Flaws of Harvard-hosted Digital ‘Public’ Library of America: Too secretive, too oligarchical and not responsive enough to U.S. library needs—especially for modern e-books

Update, Oct. 20, 2012: The DPLA is now much more open than in the past, and I can now strongly recommend the group to prospective funders.

A fashionable line in the media these days is, “Elections have consequences.” So does governance, whether of the local Rotary Club, the United States of America, or a Harvard-hosted group serving as a quasi-shaper of national digital library policy.

imageAlas, the so-called Digital “Public” Library of America has refused to live up to the P word.

It would not let me, or the public, attend a steering committee meeting and workshop across the Potomac from me. The financial cost to the group would have been zilch, and I’m hardly a casual follower of this topic—my e-library views have appeared in publications ranging from the Washington Post to the Chronicle of Higher Education and LibraryJournal.com. I couldn’t even be a silent audience member on Monday. The DPLA as of this writing apparently has yet to offer a detailed report via the e-mail discussion list even though some brief notes presumably are on the way (a DPLA workshop report by a California librarian Nate Hill for the PLA blog is online and terrific on tech matters, but is not that enlightening for those of us who care about the huge governance issues—I don’t know if Nate was at the actual steering committee meeting itself: I’ve e-mailed him).

imageA truly P-worthy group might have broadcast the entire meeting online, live or delayed, especially since one of the 17 steering committee members, Carl Malamud, is an expert in the related technology and is known for his opposition to government secrecy and advocacy of the public domain. Besides, hasn’t Chair John Palfrey (photo) coauthored a book full of observations on interactivity, which can’t happen at its best without all the facts? And isn’t member Maura Marx head of a group called Open Knowledge Commons? But this “Public Library” closed its meeting to the public. Doubt it matters? Well, consider that another steering committee member, Deanna Marcum, is a top official at the Library of Congress, while yet another, Susan Hildreth, is director of the Institute of Museum and Library Services, an agency awarding federal grants. Did Dr. Marcum’s boss, Librarian James Billington, strike a deal with Robert Darnton, the proposer of the DPLA who, relevantly or not, at least shared past institutional ties with Billington, via the history departments of Harvard and Princeton? One way or another, the public’s business is happening behind the public’s back. Why is a Harvard-hosted organization, not the White House, Congress, and the Library of Congress, in charge? With more openness from the DPLA, I’d be understanding. With a closed, oligarchical approach from Berkman and friends despite the P, I’m far, far less sympathetic.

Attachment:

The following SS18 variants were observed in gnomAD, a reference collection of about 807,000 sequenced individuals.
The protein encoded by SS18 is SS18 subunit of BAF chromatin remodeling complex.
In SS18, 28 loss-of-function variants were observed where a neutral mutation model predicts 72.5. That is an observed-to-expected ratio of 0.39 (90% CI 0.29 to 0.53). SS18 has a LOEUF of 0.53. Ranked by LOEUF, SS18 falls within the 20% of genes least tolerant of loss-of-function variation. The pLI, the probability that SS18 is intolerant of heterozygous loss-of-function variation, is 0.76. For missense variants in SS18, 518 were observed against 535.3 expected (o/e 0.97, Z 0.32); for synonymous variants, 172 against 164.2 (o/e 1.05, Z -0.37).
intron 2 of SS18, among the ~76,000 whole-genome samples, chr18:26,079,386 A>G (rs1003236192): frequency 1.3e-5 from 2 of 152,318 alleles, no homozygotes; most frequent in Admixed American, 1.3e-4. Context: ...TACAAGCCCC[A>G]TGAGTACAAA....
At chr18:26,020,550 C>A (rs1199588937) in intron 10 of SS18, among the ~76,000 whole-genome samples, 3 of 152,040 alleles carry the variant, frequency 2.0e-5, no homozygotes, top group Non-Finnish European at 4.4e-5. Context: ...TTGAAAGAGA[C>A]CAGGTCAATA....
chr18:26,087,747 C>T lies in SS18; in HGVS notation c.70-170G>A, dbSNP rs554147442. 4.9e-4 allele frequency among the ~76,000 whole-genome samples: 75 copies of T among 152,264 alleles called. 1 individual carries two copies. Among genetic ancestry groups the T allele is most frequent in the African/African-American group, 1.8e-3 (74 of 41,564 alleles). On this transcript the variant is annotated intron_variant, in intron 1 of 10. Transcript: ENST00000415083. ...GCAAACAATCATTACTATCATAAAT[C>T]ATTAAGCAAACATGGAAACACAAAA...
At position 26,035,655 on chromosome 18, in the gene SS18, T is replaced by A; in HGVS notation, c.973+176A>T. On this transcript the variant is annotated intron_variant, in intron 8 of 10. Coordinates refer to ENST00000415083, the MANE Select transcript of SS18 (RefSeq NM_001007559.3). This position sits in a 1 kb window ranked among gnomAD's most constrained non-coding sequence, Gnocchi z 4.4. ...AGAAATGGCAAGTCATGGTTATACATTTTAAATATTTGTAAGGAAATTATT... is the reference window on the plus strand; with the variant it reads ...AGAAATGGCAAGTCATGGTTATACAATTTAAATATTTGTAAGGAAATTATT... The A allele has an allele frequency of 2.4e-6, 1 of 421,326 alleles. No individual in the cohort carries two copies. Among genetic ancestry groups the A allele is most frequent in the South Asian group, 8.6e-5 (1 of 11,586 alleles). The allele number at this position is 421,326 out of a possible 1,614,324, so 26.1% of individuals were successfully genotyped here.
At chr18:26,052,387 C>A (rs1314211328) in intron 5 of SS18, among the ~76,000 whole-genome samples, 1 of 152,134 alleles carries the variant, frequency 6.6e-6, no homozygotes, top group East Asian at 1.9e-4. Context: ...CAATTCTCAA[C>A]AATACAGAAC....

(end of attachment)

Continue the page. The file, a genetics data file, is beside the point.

imageAmusingly in a black-humor way, the suitability of the P word was to be one of the issues before the DPLA Steering Committee this week. Any vote? Results? Which members voted which way? No, I wasn’t the only one worried about the DPLA’s name unwittingly preempting the franchise and branding of local public libraries in time, or at least aiding their enemies. I now propose that the DPLA keep its initials but rename itself the Digital Private Library of America. For now at least, this is an academic oligarchy with too much influence from the crew at Harvard’s Berkman Center—nice people, but annoyingly and profoundly out of touch with America’s true library needs. The DPLA’s non-d governance makes a mockery of the “Republic of Letters” ballyhoo with which the organization started, and it does not augur well for the governance of, and diversity of content within, the actual library, assuming one happens. I don’t care if the DPLA steering committee is “informal” and not necessarily the final body. The current DPLA, in openness, should set a positive rather than negative example.

imageBerkman, host of the DPLA, has its share of good motives—not just gifted individuals—despite all the Harvard-style PR and the hope of expanding the empire. But I still can’t help recalling a classic line from the late William F. Buckley, Jr., my political opposite but a believer in my digital library vision even in the early 1990s. “I would rather be governed by the first 2000 people in the Manhattan phone book,” he said, “than the entire faculty of Harvard.”

I think Bill would have quickly seen through the DPLA’s deft blarney directed at the public library world. Just three local librarians, all from big cities, none working at a small-town library, sit on the DPLA Steering Committee. No school librarians or other K-12 educators do, belying the DPLA’s rhetoric about being school-friendly. Although nonHispanic whites will be a minority in the United States well before the end of the century, just one African-American and one Hispanic serve on the DPLA Steering Committee to my knowledge—better, at least, than the number, 0, who sat there before I protested after seeing hardly any nonwhite faces among the scores of participants at the March workshop of the DPLA. months after the group’s formation. No one from a technical or scientific department of a university serves on the committee, either (even though the main deficiencies are on the local public library and K-12 sides). Likewise AWOL is any representation from the publishing community.